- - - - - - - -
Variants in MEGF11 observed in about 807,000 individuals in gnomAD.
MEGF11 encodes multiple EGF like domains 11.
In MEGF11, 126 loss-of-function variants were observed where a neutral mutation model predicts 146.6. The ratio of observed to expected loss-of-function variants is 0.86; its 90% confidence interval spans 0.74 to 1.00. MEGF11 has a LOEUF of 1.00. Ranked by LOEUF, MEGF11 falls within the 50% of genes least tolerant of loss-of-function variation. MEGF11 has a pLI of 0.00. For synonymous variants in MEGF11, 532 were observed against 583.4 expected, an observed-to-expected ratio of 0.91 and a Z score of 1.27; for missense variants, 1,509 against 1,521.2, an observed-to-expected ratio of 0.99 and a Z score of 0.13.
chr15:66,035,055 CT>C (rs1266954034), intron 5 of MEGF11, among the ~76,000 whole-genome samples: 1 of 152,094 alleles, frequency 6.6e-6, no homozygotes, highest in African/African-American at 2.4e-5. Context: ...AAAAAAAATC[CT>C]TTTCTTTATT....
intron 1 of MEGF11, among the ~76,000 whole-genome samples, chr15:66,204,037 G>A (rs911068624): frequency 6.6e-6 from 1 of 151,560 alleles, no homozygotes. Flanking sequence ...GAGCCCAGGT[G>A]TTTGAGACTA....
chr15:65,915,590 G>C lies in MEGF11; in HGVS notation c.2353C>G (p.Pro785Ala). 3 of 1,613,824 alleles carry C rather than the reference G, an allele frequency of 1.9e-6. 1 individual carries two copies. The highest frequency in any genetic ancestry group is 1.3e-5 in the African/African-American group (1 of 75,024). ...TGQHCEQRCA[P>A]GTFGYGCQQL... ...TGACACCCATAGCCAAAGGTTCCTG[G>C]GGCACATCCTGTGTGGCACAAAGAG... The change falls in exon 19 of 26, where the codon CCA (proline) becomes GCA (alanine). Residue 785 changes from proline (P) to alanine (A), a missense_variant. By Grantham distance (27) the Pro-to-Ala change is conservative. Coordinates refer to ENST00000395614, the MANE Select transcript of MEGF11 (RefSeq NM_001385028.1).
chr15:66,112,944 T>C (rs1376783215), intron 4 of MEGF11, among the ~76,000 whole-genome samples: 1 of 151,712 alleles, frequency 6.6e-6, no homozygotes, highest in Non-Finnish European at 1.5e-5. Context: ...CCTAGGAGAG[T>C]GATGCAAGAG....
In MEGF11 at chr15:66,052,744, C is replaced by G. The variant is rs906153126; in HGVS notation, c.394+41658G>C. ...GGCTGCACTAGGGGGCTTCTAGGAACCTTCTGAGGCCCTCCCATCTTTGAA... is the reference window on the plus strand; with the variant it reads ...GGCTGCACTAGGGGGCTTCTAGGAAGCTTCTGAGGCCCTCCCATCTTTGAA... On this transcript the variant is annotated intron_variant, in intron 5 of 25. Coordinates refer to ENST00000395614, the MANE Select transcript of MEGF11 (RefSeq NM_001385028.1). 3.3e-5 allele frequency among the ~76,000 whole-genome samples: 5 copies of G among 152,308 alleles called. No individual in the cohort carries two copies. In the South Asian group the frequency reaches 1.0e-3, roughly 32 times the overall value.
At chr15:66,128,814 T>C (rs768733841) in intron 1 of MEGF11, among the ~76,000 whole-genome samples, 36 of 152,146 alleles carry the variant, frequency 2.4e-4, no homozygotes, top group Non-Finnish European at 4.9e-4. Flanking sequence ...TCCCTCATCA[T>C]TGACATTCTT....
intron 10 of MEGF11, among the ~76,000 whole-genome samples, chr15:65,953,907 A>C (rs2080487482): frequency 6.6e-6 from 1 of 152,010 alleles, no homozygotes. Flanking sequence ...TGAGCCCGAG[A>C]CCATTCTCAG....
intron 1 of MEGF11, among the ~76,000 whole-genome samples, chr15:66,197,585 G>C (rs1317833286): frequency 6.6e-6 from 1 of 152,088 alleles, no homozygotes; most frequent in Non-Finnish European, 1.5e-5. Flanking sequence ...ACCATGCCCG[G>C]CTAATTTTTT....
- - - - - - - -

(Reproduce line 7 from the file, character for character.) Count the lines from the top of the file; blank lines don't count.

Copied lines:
chr15:66,112,944 T>C (rs1376783215), intron 4 of MEGF11, among the ~76,000 whole-genome samples: 1 of 151,712 alleles, frequency 6.6e-6, no homozygotes, highest in Non-Finnish European at 1.5e-5. Context: ...CCTAGGAGAG[T>C]GATGCAAGAG....